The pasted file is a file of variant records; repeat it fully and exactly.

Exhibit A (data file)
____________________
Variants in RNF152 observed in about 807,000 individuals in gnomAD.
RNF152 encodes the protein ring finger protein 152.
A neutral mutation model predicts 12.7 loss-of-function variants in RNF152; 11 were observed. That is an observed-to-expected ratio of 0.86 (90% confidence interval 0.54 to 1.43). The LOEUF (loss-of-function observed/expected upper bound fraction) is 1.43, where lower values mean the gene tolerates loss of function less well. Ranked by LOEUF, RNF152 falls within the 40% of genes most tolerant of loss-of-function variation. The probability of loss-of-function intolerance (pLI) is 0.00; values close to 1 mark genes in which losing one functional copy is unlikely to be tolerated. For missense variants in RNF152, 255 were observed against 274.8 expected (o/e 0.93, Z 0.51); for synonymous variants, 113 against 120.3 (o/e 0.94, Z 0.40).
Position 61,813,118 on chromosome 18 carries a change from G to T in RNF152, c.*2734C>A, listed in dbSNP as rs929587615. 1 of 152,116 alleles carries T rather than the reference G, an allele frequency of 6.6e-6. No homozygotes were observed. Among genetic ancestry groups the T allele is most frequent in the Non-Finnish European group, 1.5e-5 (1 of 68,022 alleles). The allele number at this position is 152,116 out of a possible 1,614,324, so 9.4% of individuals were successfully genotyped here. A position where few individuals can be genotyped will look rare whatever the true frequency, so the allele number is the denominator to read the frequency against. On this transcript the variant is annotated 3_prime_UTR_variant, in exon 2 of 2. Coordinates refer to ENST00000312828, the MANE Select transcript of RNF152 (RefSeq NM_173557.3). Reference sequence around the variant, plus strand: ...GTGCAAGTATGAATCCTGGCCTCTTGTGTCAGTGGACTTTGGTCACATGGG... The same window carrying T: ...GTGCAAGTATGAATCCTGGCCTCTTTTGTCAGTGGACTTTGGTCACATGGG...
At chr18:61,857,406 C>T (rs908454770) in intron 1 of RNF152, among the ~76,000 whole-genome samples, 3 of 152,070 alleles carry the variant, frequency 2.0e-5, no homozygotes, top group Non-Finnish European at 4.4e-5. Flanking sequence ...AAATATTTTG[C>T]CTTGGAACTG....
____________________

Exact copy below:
Variants in RNF152 observed in about 807,000 individuals in gnomAD.
RNF152 encodes the protein ring finger protein 152.
A neutral mutation model predicts 12.7 loss-of-function variants in RNF152; 11 were observed. That is an observed-to-expected ratio of 0.86 (90% confidence interval 0.54 to 1.43). The LOEUF (loss-of-function observed/expected upper bound fraction) is 1.43, where lower values mean the gene tolerates loss of function less well. Ranked by LOEUF, RNF152 falls within the 40% of genes most tolerant of loss-of-function variation. The probability of loss-of-function intolerance (pLI) is 0.00; values close to 1 mark genes in which losing one functional copy is unlikely to be tolerated. For missense variants in RNF152, 255 were observed against 274.8 expected (o/e 0.93, Z 0.51); for synonymous variants, 113 against 120.3 (o/e 0.94, Z 0.40).
Position 61,813,118 on chromosome 18 carries a change from G to T in RNF152, c.*2734C>A, listed in dbSNP as rs929587615. 1 of 152,116 alleles carries T rather than the reference G, an allele frequency of 6.6e-6. No homozygotes were observed. Among genetic ancestry groups the T allele is most frequent in the Non-Finnish European group, 1.5e-5 (1 of 68,022 alleles). The allele number at this position is 152,116 out of a possible 1,614,324, so 9.4% of individuals were successfully genotyped here. A position where few individuals can be genotyped will look rare whatever the true frequency, so the allele number is the denominator to read the frequency against. On this transcript the variant is annotated 3_prime_UTR_variant, in exon 2 of 2. Coordinates refer to ENST00000312828, the MANE Select transcript of RNF152 (RefSeq NM_173557.3). Reference sequence around the variant, plus strand: ...GTGCAAGTATGAATCCTGGCCTCTTGTGTCAGTGGACTTTGGTCACATGGG... The same window carrying T: ...GTGCAAGTATGAATCCTGGCCTCTTTTGTCAGTGGACTTTGGTCACATGGG...
At chr18:61,857,406 C>T (rs908454770) in intron 1 of RNF152, among the ~76,000 whole-genome samples, 3 of 152,070 alleles carry the variant, frequency 2.0e-5, no homozygotes, top group Non-Finnish European at 4.4e-5. Flanking sequence ...AAATATTTTG[C>T]CTTGGAACTG....